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E.g., 04/22/2018
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Your search has returned 219 articles:
  • News

    Masses of shrimp and krill may play a huge role in mixing oceans

    When it comes to tiny ocean swimmers, the whole is much greater than the sum of its parts. Ocean turbulence stirred up by multitudes of creatures such as krill can be powerful enough to extend hundreds of meters down into the deep, a new study suggests.

    Brine shrimp moving vertically in two different laboratory tanks created small eddies that aggregated into a jet roughly the size of the...

    04/18/2018 - 13:20 Oceans, Ecology
  • News

    Cargo ships must cut their emissions in half by 2050

    A new, hard-fought international deal will set limits on greenhouse gas emissions from international shipping for the first time.

    Delegates to the United Nations’ International Maritime Organization, or IMO, met for a week in London to hash out the details of the plan. On April 13, more than 170 states agreed to the new road map, which aims to reduce shipping emissions at least 50...

    04/13/2018 - 17:47 Climate, Oceans
  • Science Stats

    Ocean heat waves are becoming more common and lasting longer

    The world’s oceans are sweltering. Over the last century, marine heat waves have become more common and are lasting longer. New research suggests the annual number of days that some part of the ocean is experiencing a heat wave has increased 54 percent from 1925 to 2016, researchers report April 10 in Nature Communications.

    Typically, scientists define a marine heat wave as at least five...

    04/10/2018 - 11:00 Oceans, Climate
  • News

    Microplastics may enter freshwater and soil via compost

    Composting waste is heralded as being good for the environment. But it turns out that compost collected from homes and grocery stores is a previously unknown source of microplastic pollution, a new study April 4 in Science Advances reports.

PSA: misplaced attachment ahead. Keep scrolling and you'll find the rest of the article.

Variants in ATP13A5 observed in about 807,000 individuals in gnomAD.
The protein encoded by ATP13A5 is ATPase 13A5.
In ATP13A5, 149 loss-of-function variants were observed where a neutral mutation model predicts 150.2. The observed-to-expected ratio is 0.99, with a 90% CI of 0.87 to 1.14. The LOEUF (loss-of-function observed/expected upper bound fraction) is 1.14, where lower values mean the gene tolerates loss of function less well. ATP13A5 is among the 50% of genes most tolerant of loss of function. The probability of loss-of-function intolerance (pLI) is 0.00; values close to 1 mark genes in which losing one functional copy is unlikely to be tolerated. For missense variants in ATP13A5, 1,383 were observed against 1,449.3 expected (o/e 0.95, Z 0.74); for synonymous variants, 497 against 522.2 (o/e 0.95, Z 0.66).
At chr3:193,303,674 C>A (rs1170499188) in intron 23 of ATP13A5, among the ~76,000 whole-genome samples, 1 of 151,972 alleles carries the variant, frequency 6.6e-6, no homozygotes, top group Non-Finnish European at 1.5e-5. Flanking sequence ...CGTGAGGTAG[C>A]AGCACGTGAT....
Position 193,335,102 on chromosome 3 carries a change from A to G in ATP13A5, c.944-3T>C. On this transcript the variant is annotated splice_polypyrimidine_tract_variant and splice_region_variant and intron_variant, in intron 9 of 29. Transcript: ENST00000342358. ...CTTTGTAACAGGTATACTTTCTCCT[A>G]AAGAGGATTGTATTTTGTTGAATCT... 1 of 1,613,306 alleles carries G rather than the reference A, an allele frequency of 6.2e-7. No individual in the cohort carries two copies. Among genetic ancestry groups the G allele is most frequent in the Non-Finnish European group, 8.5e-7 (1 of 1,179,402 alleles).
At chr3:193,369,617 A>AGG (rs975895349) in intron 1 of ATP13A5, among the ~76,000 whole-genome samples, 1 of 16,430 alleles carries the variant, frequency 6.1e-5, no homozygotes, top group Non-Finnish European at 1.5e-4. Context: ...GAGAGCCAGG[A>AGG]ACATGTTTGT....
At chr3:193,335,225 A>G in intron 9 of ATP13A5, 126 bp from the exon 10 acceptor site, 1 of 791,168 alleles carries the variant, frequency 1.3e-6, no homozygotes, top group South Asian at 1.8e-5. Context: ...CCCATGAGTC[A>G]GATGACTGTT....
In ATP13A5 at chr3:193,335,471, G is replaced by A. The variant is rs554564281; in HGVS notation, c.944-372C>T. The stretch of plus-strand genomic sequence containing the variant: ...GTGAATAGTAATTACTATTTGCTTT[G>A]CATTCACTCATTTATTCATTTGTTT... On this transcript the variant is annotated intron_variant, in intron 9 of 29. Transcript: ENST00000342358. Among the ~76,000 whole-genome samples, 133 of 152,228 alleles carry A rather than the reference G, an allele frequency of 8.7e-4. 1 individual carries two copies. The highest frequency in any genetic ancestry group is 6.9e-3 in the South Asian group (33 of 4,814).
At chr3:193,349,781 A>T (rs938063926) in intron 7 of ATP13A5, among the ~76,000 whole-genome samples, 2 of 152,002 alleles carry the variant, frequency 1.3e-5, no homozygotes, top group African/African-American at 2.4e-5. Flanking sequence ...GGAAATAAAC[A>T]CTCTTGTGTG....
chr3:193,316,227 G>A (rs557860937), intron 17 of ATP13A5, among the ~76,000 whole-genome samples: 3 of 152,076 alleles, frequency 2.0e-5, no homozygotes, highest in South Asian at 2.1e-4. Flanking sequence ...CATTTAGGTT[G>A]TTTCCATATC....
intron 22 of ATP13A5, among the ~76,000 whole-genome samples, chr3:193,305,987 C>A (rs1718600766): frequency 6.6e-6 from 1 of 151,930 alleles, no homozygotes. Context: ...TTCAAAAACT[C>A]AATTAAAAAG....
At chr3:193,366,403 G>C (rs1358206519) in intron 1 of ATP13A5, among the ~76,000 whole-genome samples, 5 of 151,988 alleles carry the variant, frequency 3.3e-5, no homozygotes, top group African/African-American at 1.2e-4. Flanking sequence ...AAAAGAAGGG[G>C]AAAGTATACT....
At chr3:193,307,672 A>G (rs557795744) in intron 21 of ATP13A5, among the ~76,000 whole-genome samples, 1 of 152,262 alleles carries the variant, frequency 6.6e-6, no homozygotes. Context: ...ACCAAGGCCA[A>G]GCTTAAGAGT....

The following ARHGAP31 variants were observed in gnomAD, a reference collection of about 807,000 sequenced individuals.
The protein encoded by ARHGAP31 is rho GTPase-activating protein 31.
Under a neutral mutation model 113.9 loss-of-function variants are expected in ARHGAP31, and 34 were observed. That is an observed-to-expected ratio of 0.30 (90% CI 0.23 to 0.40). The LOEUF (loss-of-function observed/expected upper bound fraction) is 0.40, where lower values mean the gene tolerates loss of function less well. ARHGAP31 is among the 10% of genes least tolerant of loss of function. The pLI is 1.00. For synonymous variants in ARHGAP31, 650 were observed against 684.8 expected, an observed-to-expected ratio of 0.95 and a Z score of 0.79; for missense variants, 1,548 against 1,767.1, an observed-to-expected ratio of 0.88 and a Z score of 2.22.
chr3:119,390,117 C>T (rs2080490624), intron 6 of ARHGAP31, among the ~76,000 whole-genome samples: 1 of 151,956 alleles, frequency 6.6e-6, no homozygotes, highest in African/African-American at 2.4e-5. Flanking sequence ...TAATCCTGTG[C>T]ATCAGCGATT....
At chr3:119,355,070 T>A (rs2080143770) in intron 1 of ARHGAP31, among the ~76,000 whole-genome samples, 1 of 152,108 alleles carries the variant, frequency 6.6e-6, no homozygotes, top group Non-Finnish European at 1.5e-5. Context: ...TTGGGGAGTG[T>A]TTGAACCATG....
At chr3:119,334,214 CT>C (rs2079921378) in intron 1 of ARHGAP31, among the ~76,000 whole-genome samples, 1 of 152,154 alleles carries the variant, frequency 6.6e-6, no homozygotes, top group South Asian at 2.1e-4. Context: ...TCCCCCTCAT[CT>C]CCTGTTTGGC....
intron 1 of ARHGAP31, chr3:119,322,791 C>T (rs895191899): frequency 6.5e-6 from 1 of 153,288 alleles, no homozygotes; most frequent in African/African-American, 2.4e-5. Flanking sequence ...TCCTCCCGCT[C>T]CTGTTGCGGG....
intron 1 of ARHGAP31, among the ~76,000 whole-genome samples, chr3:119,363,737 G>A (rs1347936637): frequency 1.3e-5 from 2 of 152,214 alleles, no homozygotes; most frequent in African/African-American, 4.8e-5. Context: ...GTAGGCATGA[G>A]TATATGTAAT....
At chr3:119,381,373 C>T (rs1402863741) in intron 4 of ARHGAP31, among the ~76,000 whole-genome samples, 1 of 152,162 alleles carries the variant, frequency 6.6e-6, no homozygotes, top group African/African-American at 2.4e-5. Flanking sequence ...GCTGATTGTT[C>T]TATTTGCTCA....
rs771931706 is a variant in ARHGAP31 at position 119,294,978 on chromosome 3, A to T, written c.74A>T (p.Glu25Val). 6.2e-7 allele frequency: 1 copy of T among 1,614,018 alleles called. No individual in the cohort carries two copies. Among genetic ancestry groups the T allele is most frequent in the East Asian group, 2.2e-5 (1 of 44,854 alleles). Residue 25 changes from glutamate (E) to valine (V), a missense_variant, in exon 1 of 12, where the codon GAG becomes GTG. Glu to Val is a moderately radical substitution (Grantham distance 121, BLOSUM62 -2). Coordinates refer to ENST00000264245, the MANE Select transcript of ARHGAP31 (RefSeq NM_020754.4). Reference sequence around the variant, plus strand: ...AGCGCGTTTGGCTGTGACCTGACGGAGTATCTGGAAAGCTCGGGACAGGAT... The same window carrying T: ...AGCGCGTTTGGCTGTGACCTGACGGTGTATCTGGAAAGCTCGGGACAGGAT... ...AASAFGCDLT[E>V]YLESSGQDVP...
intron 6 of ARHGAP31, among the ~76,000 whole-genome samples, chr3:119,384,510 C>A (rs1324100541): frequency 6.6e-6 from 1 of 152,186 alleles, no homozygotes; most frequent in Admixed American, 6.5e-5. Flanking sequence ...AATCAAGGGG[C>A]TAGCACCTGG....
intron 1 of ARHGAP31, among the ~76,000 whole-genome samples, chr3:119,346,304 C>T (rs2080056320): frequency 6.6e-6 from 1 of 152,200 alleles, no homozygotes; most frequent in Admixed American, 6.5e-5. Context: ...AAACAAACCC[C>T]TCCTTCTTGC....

This plastic gets spread over fields, where it may be eaten by worms and enter the food web, make its way into waterways or perhaps break down...

    04/05/2018 - 16:17 Pollution, Oceans
  • News

    Seafloor map shows why Greenland’s glaciers melt at different rates

    Greenland is melting rapidly, but some glaciers are disappearing faster than others. A new map of the surrounding seafloor helps explain why: Many of the fastest-melting glaciers sit atop deep fjords that allow Atlantic Ocean water to melt them from below.

    Researchers led by glaciologist Romain Millan of the University of California, Irvine analyzed new oceanographic and topographic data...

    04/03/2018 - 13:02 Climate, Earth, Oceans
  • The Science Life

    Humpback whale bumps have marine biologists stumped

    Off the Kohala coast on the Big Island of Hawaii, Christine Gabriele spots whale 875. The familiar propeller scar on its left side and the shape of its dorsal fin are like a telltale fingerprint. Gabriele, a marine biologist with the Hawaii Marine Mammal Consortium, confirms the whale’s identity against her extensive photo catalog. Both Gabriele and this male humpback have migrated to this...

    03/26/2018 - 13:56 Animals, Pollution, Oceans
  • Science Stats

    The great Pacific garbage patch may be 16 times as massive as we thought

    We’re going to need a bigger trash can.

    A pooling of plastic waste floating in the ocean between California and Hawaii contains at least 79,000 tons of material spread over 1.6 million square kilometers, researchers report March 22 in Scientific Reports. That’s the equivalent to the mass of more than 6,500 school buses. Known as the great Pacific garbage patch, the hoard is four to 16...

    03/22/2018 - 10:00 Pollution, Oceans
  • News

    Pollution regulations help Chesapeake Bay seagrass rebound

    Underwater grasses are growing back in the Chesapeake Bay. The plants now carpet three times as much real estate as in 1984, thanks to more than 30 years of efforts to reduce nitrogen pollution. This environmental success story shows that regulations put in place to protect the bay’s health have made a difference, researchers report the week of March 5 in Proceedings of the National Academy of...

    03/05/2018 - 15:00 Ecosystems, Oceans, Plants
  • Science Stats

    By 2100, damaged corals may let waves twice as tall as today’s reach coasts

    A complex coral reef full of nooks and crannies is a coastline’s best defense against large ocean waves. But coral die-offs over the next century could allow taller waves to penetrate the corals’ defenses, simulations suggest. A new study finds that at some Pacific Island sites, waves reaching the shore could be more than twice as high as today’s by 2100.

    The rough, complex structures of...

    03/05/2018 - 13:41 Earth, Oceans, Animals
  • News in Brief

    Plastic pollution increases risk of devastating disease in corals

    View the video

    Coral reefs are sick of plastic.

    More than 11 billion plastic objects are polluting Asia-Pacific coral reefs, a new estimate finds. This waste can harbor pathogenic bacteria known to make corals sick. Reefs littered with plastic were at least 20 times as likely to have diseased corals as unpolluted reefs, researchers say. 

    Corals succumbing to disease can throw...

    01/25/2018 - 17:00 Pollution, Oceans, Ecosystems